22 February 2018
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Bias against Muslims
Although stereotypes against Muslims are centuries old, in recent years they have evolved and gained momentum under the conditions of the "war on terror", the global economic crisis and challenges related to the management of religious and cultural diversity. Anti-Muslim rhetoric often associates Muslims with terrorism and extremism, or portrays the presence of Muslim communities as a threat to national identity. Muslims are often portrayed as a monolithic group, whose culture is incompatible with human rights and democracy. ODIHR's reporting suggests anti-Muslim hate crimes and incidents increases following terrorist attacks, and on the anniversaries of such attacks. Attacks against mosques – particularly on Fridays and religious holidays – including leaving the remains of pigs outside mosques, community centres and Muslim families' homes, as well as attacks against women wearing headscarves, are among the anti-Muslim hate incidents commonly reported.
Beginning in 2002, OSCE participating States have explicitly condemned acts of discrimination and violence against Muslims and firmly rejected the identification of terrorism and extremism with any religion and culture. The Astana declaration (2010) stressed that international developments and political issues cannot justify any form of intolerance and discrimination against Muslims, and encouraged participating States to challenge anti-Muslim prejudice and stereotypes.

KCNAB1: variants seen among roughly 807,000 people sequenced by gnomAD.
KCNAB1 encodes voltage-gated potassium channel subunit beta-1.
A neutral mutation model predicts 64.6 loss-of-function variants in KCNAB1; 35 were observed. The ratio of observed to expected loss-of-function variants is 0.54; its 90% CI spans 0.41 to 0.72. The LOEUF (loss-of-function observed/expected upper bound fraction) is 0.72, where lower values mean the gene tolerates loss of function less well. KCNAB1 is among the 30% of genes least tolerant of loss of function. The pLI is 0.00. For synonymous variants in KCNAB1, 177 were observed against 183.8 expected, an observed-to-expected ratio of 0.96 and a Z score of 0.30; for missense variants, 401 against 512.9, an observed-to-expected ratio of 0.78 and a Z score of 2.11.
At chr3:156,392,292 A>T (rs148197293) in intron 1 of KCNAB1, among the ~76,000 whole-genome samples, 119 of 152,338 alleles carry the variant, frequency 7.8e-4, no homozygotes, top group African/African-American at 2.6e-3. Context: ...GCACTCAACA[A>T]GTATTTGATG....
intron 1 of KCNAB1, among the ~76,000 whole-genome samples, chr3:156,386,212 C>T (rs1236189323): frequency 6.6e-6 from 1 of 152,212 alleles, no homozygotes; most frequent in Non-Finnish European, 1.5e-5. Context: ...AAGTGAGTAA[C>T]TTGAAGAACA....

Anti-Muslim hate crimes can be recorded under a variety of categories, including anti-religious hate crimes, crimes motivated by ethnic bias, and can also be reported separately or as racist and xenophobic crime. Muslim NGOs are developing their monitoring capacity through outreach and online reporting, in recognition of the importance of hate crime monitoring as an important advocacy tool. However, a lack of trust in the authorities in some countries also lead to under-reporting of anti-Muslim hate crime, and this appears to have a significant influence on hate crime figures reported to ODIHR.
The United Nations Human Rights Council Working Group on the Universal Periodic Review (UPR) published relevant recommendations in its "Report from the Thirty-second session: Compilation of UN information on Slovakia."